Heart Valve Disease and Treatment Pathway in the Elderly

Based on an article title “ Creating a better journey of care for patients with heart valve disease”

Originally written by Sitges et al., 2021

https://academic.oup.com/ehjopen/article/1/3/oeab034/6423986

By Murielle Nsiela 

Introduction to Heart Valve Disease

Heart valve disease is said to be the next cardiac epidemic, with its prevalence estimated to double by 2040 and triple in the year 2060. This comes as a result of ageing populations.¹ Despite these statistics, heart valve disease is limited in research, data, and general awareness compared to other cardiovascular diseases. As a result, a multidisciplinary group of patients and clinical experts in heart valve disease gathered to raise awareness of the unmet medical need of patients with the disease. Heart valve disease happens when any of the valves in the heart are damaged or diseased. 

What are Heart Valves?

There are four valves in the heart, and the main responsibility of the valves is to regulate blood entering and leaving the heart. A healthy valve can fully open and close when a heartbeat occurs. However, a valve that is diseased or damaged will only open and close partially. Any of the four valves can become diseased, however a valve known as the aortic valve is affected the most.²

What is the Recommended Treatment Pathway?

The disease can take different forms, and each of these types of heart valve disease should have its own diagnostic and treatment process.³ Most types of heart valve disease have efficient treatment options that can improve patients’ quality of life and also decrease mortality with timely valve replacement. However, in many patients, this disease goes undiagnosed, undetected, or untreated. This leads to preventable deaths, compromised quality of life, and expenses that could have been avoided.⁴

Furthermore, it has been suggested that under-detection is a major concern in heart valve disease, as the symptoms of the disease are proven to be challenging to identify and could be confused with regular signs of ageing. In addition, heart valve disease is sometimes symptomless. An OX-valve study within the UK found that out of 2,500 individuals aged 65 and over registered in primary care centres, 11.3% of them either had moderate or severe heart valve disease.⁵ Most of these issues can be alleviated by focusing on the gaps present in the patient's treatment pathway.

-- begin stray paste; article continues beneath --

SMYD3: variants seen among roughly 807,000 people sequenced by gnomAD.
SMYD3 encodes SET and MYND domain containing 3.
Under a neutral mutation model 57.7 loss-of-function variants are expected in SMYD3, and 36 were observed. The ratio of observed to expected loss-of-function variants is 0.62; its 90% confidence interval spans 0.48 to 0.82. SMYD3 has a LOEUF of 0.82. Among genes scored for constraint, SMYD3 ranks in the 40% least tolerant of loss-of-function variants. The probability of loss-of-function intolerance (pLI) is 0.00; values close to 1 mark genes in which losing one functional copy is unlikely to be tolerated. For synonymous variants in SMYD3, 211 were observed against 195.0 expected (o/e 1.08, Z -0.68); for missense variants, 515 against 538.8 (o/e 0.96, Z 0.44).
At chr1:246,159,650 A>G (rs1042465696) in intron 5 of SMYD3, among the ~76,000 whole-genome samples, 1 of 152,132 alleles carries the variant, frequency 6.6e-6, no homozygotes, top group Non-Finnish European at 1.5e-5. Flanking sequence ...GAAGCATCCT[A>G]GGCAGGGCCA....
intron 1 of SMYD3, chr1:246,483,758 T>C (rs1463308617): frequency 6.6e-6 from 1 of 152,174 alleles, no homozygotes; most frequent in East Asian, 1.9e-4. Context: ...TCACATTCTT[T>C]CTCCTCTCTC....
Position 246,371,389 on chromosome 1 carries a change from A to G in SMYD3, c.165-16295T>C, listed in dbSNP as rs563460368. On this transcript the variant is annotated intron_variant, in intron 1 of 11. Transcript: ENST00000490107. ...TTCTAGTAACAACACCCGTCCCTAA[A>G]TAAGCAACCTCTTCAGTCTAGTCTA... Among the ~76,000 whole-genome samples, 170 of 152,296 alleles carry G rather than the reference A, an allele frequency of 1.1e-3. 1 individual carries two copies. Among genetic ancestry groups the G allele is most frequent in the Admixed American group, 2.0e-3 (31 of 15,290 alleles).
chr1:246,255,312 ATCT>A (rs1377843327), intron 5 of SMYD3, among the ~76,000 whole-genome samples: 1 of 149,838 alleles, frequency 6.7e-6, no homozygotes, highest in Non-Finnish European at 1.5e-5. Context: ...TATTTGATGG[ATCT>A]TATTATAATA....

A recommended patient pathway involves:⁵

A - Awareness - Develop campaigns for public awareness 

D - Detection - Train primary care practitioners for early detection of heart valve disease 

D - Diagnosis - Fast referrals for echocardiograms

T - Treatment - Appropriate selection of treatment method, treatment should be individualised 

F - Follow-ups and monitoring - Provide psychological support and nursing care 

Conclusion

In conclusion, patients with suspected heart valve disease should have their heart scanned and referred to a specialist physician as soon as possible to avoid delayed detection. In addition, the recommended patient care pathway should be adhered to for the best patient outcome.

References: 

  1. d’Arcy J, Prendergast B, Chambers J, Ray S, Bridgewater B. Valvular heart disease: the next cardiac epidemic. Heart 2011;97:91-93.
  2. CDC, 2022 - CDC. Valvular Heart Disease | cdc.gov [Internet]. Centres for Disease Control and Prevention. 2022 [cited 19 January 2022]. Available from: https://www.cdc.gov/heartdisease/valvular_disease.htm
  3. Vahanian A, Beyersdorf F, Praz F, Milojevic M, Baldus S, Bauersachs J, Capodanno D, Conradi L,D, Bonis MD, Paulis R, Delgado V, Freemantle N, Gilard M, Haugaa KH, Jeppsson A, Ju ̈ni P, Pierard L, Prendergast BD, Sa ́daba JR, Tribouilloy C, Wojakowski W. ESC/EACTS Guidelines for the management of valvular heart disease. Eur Heart J. 2021;2060:727—800.
  4. Clark MA, Arnold SV, Duhay FG, Thompson AK, Keyes MJ, Svensson LG, Bonow RO, Stockwell BT, Cohen DJ. Five-year clinical and economic outcomes among patients with medically managed severe aortic stenosis: results from a Medicare claims analysis. Circ Cardiovasc Qual Outcomes 2012;5:697—704.
  5. d’Arcy JL, Coffey S, Loudon MA, Kennedy A, Pearson-Stuttard J, Birks J, Frangou E, Farmer AJ, Mant D, Wilson J, Myerson SG, Prendergast BD. Large-scale community echocardiographic screening reveals a major burden of undiagnosed valvular heart disease in older people: the OxVALVE Population Cohort Study. Eur Heart J 2016;37:3515—3522.
  6. Sitges M, Borregaard B, De Paulis R, Nolan P, Woan W, Pearce K et al. Creating a better journey of care for patients with heart valve disease. European Heart Journal Open. 2021;1(3).

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Murielle Nsiela

MSc Graduate in Medical Engineering - Bachelor's degree, Pharmaceutical Science, Keele University, Staffordshire UK

MSc in Medical Engineering Design, Keele University Modules included: Advanced engineering applications, Engineering for medical applications report, Bioreactors and Growth environment, Creative engineering design, Experimental research methodology and research projects



BSc (Hons) Pharmaceutical Science, Technology and Business, Keele University Modules included: Core topics in pharmaceutical science, Laboratory studies - tabletting and liposomes report, applied Pharmaceutical Science 2, Pharmaceutical research project

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